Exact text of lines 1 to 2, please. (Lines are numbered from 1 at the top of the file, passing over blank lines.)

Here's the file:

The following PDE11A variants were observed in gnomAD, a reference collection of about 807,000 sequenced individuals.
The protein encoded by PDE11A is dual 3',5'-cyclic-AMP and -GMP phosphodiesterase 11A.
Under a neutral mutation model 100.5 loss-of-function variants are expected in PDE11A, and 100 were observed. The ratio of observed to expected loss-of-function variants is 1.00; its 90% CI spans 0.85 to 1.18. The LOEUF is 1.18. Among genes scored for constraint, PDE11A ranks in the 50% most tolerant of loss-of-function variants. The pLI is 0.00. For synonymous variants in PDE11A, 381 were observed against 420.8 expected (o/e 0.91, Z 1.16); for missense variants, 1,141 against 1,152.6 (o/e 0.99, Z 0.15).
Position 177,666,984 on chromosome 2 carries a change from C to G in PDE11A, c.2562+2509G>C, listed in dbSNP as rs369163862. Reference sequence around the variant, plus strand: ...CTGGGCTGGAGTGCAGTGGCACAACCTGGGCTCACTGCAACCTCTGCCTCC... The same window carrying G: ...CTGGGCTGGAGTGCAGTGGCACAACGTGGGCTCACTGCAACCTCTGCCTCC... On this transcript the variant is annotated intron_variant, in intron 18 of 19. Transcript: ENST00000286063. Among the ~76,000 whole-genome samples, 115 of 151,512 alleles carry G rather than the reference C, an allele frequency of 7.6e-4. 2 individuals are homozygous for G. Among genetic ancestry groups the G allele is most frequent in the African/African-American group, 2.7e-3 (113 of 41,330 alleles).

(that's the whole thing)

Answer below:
The following PDE11A variants were observed in gnomAD, a reference collection of about 807,000 sequenced individuals.
The protein encoded by PDE11A is dual 3',5'-cyclic-AMP and -GMP phosphodiesterase 11A.